The report also notes that the signal disregarded by 2E27 was dirty, reducing the already low light-output, and that the heavy fog on the day of the accident reduced visibility of both the signal and the line (and eventually train) ahead. There were also no “trap points” at the beginning of the single-track section, a special type of points which derail a train running through them in order to keep the adjacent rail line safe.

It was never quite determined why the AWS-system (Automatic Warning System) installed on 2E27 didn’t make the driver realize what had occurred. AWS usually works at red signals by having a sensor on the train register passing over a magnet mounted between the rails, which triggers a visual indicator in the cab along with an audible warning. Inaction would then lead to the brakes being automatically applied. The investigators could prove that the trackside components worked as intended (activating the system when the signal was turned red), but the condition of the system aboard 2E27 couldn’t be examined due to the degree of destruction. It’s thus unknown if Mister Barton pressed a button to acknowledge the warning “out of habit” without actually registering it (possibly because he was focused on a conversation), if the system had developed a fault earlier and been “isolated” (leaving it inoperative) or if it had failed to produce a warning due to an undetermined fault. Testing of recovered components did indicate that it had likely been functional at the time of the accident, but circumstances prevented the testing from fully recreating the system, leaving doubt. British Rail reacted by installing an AWS-magnet at the exits of maintenance-depots, so that any train heading into service would pass over it to check if the system was functional.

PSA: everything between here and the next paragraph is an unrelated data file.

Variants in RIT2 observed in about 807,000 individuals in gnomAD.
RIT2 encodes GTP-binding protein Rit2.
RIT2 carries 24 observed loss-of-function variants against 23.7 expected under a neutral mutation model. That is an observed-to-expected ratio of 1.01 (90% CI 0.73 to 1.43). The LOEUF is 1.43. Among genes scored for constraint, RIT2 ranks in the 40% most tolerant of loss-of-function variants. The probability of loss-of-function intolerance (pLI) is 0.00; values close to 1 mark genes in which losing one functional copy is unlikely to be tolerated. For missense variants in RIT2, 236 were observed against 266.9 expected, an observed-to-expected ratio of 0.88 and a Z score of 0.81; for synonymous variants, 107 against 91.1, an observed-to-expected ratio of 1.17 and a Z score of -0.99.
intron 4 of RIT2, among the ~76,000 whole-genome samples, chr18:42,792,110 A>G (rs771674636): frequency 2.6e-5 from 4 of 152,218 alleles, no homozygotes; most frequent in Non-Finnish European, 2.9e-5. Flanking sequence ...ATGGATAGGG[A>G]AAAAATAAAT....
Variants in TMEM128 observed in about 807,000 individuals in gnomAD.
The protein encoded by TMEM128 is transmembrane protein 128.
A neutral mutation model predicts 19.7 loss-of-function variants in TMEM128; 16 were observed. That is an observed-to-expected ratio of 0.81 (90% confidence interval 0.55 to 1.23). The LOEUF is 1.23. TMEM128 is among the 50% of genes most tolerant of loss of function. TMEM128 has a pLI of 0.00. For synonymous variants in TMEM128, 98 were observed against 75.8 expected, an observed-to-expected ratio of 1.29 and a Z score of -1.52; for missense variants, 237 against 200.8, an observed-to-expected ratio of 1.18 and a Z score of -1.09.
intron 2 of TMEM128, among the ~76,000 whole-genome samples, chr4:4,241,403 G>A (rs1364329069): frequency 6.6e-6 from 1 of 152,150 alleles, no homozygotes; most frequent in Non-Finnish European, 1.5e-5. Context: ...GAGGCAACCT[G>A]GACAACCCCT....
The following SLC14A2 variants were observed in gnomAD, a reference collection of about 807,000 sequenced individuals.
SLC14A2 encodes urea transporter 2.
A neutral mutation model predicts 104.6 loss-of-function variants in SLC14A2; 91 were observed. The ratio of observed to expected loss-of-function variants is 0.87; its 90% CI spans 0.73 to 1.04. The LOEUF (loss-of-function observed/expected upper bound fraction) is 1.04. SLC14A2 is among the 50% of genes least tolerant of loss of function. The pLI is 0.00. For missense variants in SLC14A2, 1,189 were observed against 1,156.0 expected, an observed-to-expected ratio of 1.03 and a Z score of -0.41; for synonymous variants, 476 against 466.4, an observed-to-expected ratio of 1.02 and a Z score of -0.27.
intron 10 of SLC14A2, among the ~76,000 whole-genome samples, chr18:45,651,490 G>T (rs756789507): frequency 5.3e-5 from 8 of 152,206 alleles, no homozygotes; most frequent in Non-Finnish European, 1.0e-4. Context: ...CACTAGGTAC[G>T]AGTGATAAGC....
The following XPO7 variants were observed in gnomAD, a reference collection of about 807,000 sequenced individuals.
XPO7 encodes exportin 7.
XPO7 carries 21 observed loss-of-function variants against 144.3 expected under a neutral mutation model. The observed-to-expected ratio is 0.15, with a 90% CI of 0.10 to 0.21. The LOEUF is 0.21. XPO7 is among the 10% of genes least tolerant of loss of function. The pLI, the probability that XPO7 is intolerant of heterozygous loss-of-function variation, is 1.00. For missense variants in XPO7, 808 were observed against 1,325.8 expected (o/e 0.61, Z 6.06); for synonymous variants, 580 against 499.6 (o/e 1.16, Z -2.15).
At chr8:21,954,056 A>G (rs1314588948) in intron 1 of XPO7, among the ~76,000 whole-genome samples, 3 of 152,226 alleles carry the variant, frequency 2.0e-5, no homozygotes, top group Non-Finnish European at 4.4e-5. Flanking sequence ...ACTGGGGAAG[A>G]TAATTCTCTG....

The AWS-components in the cab of a BR Class 43 locomotive. The “sunflower” turns black if a red signal is run and the “sounder” lets the driver hear a horn.

Lastly, there was also the age of the rolling stock. A 40 years old body-on-frame design just didn’t have the crash safety of a contemporary train set. The Class 501 is based on the BR Mark 1 passenger cars, a type of unpowered passenger car introduced in 1951. The Class 501 thus possesses poor longitudinal stiffness, only highly selective connections between the body of the train and its frame, and no dedicated crumple zones to absorb energy in a collision. Furthermore, there are no “anti-climb” structures to be found, special sections/”patterns” at the end of a train’s frame meant to keep a train from mounting the frame of the other in a collision. It is this climbing which then allows telescoping (the process of a train moving through the body of another train), which leads to catastrophic loss of survival space. Modern trains are designed to absorb some impact-energy in dedicated crumple-zones, but to then be shoved back rather than allowing the other train to move above its frame, thus maintaining more survival-space.